HOME >> BIOLOGY >> NEWS
Coffee, black, decaf and a little llama on the side

St. Louis, May 11, 2006 -- Three llamas and two camels have provided a way to tell whether your waiter swapped regular coffee for decaf in your after-dinner cup. Using the heat-resistant antibodies these camels and llamas make, researchers at Washington University School of Medicine in St. Louis are developing a quick test for caffeine that works even with hot beverages.

The researchers plan to adapt their technology to a simple test ("dipstick") that can be used to check for caffeine in a variety of drinks. Their research will appear in the June 1 issue of the American Chemical Society's journal Analytical Chemistry.

Caffeine can cause restlessness, irritability, dehydration or heart arrythmias, and those who are highly sensitive to caffeine can feel its stimulant effects for as long as 20 hours. In addition, some medicines adversely interact with caffeine.

"We believe our test would be the first consumer test for caffeine and would be beneficial for anyone wishing to avoid caffeine for health or personal reasons," says senior author Jack H. Ladenson, Ph.D., the Oree M. Carroll and Lillian B. Ladenson Professor of Clinical Chemistry and director of the Division of Laboratory Medicine.

Interestingly, the key to the caffeine test comes from llamas and camels -- pack animals that have transported caffeinated commodities such as coffee, tea and cocoa for centuries. These camelids happen to be among the few creatures whose immune systems can produce antibodies that aren't destroyed at the high temperatures common to brewed beverages.

The researchers reasoned that if they could create heat-resistant camelid antibodies that reacted to caffeine, they could potentially build a durable assay suitable for use almost anywhere. They gave intramuscular injections of a caffeine-linked protein to three llamas and two camels to elicit an immune response to caffeine. They found that blood from the animals contained antibodies that were heat-stable and re
'"/>

Contact: Gwen Ericson
ericsong@wustl.edu
314-286-0141
Washington University School of Medicine
11-May-2006


Page: 1 2 3

Related biology news :

1. Emory chemists develop bacteria that may help decaffeinate coffee
2. Learning to evolve: With a little help from my ancestors
3. Study led by Scripps Research scientist reveals little-known cell networks vital to circadian rhythm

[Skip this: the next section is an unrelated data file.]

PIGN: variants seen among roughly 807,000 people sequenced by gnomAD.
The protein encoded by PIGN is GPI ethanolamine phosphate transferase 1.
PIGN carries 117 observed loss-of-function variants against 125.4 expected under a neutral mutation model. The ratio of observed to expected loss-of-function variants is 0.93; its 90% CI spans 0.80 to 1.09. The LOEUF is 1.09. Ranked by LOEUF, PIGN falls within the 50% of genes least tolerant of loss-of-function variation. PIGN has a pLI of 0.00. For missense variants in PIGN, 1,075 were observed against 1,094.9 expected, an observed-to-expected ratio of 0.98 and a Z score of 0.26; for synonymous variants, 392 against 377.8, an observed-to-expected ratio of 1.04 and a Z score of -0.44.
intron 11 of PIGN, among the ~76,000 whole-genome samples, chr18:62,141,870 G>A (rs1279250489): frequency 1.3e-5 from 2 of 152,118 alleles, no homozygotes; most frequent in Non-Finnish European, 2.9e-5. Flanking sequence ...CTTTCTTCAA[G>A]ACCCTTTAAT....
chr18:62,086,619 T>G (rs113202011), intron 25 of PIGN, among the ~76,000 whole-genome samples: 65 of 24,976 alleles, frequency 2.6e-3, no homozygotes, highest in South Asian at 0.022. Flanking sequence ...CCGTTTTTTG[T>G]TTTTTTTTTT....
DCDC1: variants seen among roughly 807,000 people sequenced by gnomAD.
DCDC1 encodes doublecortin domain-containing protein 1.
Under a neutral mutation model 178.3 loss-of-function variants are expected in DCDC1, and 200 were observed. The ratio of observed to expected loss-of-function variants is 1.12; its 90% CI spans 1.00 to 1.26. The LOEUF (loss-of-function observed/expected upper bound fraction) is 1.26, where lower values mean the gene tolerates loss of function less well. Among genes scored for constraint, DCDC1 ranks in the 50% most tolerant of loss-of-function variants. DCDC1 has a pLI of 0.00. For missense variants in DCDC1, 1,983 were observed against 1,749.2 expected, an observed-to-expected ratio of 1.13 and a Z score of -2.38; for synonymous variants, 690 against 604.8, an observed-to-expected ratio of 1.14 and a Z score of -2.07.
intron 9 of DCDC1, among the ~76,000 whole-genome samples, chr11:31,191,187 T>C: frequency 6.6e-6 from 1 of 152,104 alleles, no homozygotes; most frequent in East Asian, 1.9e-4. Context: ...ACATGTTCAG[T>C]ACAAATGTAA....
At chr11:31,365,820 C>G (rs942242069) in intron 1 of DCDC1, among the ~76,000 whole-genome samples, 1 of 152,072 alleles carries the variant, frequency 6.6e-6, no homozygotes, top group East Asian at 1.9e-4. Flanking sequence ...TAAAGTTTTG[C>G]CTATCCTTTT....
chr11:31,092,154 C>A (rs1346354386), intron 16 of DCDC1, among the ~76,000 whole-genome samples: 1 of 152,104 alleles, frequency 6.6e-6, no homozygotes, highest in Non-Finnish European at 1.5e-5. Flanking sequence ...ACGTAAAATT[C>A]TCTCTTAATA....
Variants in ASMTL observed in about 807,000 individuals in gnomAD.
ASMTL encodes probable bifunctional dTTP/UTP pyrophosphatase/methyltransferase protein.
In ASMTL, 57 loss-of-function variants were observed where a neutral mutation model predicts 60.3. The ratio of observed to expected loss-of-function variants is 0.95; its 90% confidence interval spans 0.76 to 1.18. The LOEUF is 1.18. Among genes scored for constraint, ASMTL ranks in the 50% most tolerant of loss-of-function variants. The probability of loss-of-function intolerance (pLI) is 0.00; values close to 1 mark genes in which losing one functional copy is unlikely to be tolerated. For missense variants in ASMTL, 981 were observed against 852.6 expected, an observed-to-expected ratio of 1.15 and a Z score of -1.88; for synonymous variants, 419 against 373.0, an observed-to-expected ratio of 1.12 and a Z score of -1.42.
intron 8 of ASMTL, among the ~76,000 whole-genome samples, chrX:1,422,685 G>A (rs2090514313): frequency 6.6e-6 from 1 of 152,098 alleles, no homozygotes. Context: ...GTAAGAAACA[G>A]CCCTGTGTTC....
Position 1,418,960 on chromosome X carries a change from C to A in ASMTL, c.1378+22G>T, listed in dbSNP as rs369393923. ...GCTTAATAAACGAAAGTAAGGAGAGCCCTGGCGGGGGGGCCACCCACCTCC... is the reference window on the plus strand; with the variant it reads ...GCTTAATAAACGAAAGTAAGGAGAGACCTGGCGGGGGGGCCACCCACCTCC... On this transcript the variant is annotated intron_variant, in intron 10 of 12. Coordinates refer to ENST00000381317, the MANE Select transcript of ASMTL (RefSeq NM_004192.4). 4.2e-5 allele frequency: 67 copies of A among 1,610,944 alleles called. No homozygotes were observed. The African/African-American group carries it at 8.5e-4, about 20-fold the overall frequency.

4. Local interventions have little effect on metapopulation stability
5. Marathon mice elucidate little-known muscle type
6. A little of what you fancy does you no good
7. Universal design tackles little things with big impact
8. Eating less fat may lower breast-cancer risk, have little impact on colon-cancer, heart-disease risk
9. Earliest European farmers left little genetic mark on modern Europe, Science study finds
10. Major losses projected for earthquake on little-known fault under Los Angeles
11. Marshes tell story of medieval drought, little ice age, and European settlers near NYC

Post Your Comments:
*Name:
*Comment:
*Email:


(Date:7/10/2020)... Va. (PRWEB) , ... July 08, 2020 , ... ... Latest on Cell and Gene Therapy Regulation, An FDAnews Webinar, Wednesday, July 22, ... need a comparability study, but what is the most effective way to complete ...
(Date:7/2/2020)... ... July 02, 2020 , ... ... announced a publication detailing the use of its revolutionary NEXTGENPCR endpoint thermocycler ... (RT-PCR) in 16 minutes. The article, titled "Ultra-fast one-step RT-PCR protocol for ...
(Date:6/28/2020)... ... June 25, 2020 , ... In an upcoming episode scheduled ... accelerated Point of Care Testing solutions (POCT). Check local listings for more info. , ... medical offices and are shipped to labs throughout the country. Results are then available ...
Breaking Biology News(10 mins):
(Date:7/31/2020)... ... July 30, 2020 , ... ... life sciences industry, today announced the release of its signature product called ... Science Liaisons (MSLs) and other field medical professionals. , Beacon helps ...
(Date:7/18/2020)... ... 16, 2020 , ... “We are thrilled to deliver this new technology to ... of its kind on the market and we were pleased that the IFT jury ... traditional cultured ingredients, creating a natural way to extend the shelf life and improve ...
(Date:7/10/2020)... LORTON, Va. (PRWEB) , ... July 08, 2020 ... ... laboratory testing services and products, announces a significant expansion of laboratory operations through ... robust collection for agencies implementing testing programs. , Bode-CARES provides ...
(Date:7/10/2020)... ... July 09, 2020 , ... Sentien Biotechnologies, Inc., a clinical-stage ... Allen R. Nissenson, M.D., F.A.C.P., as its Chief Medical Officer. Dr. Nissenson ... product, SBI-101. Dr. Nissenson serves as an Emeritus Professor of Medicine at ...
Breaking Biology Technology:
Cached News: